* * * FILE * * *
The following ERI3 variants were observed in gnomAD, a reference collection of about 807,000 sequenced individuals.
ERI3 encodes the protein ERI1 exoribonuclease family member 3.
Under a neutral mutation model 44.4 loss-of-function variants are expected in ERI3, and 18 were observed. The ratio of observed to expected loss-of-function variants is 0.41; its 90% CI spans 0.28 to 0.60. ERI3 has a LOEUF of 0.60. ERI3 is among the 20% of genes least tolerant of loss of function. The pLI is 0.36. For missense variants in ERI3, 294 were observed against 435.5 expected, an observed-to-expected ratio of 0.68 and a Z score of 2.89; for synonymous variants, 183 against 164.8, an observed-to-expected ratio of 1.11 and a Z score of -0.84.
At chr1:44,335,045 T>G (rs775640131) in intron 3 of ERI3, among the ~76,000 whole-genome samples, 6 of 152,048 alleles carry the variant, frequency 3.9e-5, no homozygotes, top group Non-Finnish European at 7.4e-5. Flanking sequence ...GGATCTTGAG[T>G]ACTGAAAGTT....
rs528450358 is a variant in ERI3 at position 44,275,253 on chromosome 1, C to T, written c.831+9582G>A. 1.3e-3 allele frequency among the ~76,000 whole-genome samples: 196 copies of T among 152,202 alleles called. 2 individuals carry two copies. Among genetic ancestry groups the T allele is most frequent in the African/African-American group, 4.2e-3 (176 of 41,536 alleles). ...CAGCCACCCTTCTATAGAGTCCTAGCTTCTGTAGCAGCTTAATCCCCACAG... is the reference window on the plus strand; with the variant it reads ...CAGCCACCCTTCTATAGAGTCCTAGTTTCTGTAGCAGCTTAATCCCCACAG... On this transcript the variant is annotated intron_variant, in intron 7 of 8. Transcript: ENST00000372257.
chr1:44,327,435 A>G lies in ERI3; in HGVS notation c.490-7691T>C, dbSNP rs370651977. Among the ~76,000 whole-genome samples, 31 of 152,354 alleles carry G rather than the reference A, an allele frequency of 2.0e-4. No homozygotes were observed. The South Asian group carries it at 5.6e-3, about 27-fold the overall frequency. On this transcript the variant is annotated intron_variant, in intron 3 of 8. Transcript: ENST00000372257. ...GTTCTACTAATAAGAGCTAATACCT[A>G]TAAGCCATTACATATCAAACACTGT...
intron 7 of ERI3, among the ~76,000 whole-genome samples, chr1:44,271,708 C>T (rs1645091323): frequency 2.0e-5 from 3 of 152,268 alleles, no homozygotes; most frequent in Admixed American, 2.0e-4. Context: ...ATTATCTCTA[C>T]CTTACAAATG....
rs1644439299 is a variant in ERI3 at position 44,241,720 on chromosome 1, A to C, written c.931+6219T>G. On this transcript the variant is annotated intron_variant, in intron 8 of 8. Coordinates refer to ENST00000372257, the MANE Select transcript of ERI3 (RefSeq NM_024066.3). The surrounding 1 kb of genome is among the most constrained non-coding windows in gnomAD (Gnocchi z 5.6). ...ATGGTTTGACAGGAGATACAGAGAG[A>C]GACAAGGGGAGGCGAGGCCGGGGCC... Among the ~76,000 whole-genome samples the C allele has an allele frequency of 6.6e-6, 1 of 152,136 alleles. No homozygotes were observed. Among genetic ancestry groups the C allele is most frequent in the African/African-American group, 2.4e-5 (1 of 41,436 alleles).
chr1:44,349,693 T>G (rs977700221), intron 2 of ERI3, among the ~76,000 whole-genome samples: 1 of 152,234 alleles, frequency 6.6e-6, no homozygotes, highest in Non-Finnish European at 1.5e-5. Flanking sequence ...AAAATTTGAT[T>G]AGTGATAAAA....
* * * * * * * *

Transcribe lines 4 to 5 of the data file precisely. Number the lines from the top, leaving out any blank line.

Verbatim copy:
At chr1:44,335,045 T>G (rs775640131) in intron 3 of ERI3, among the ~76,000 whole-genome samples, 6 of 152,048 alleles carry the variant, frequency 3.9e-5, no homozygotes, top group Non-Finnish European at 7.4e-5. Flanking sequence ...GGATCTTGAG[T>G]ACTGAAAGTT....
rs528450358 is a variant in ERI3 at position 44,275,253 on chromosome 1, C to T, written c.831+9582G>A. 1.3e-3 allele frequency among the ~76,000 whole-genome samples: 196 copies of T among 152,202 alleles called. 2 individuals carry two copies. Among genetic ancestry groups the T allele is most frequent in the African/African-American group, 4.2e-3 (176 of 41,536 alleles). ...CAGCCACCCTTCTATAGAGTCCTAGCTTCTGTAGCAGCTTAATCCCCACAG... is the reference window on the plus strand; with the variant it reads ...CAGCCACCCTTCTATAGAGTCCTAGTTTCTGTAGCAGCTTAATCCCCACAG... On this transcript the variant is annotated intron_variant, in intron 7 of 8. Transcript: ENST00000372257.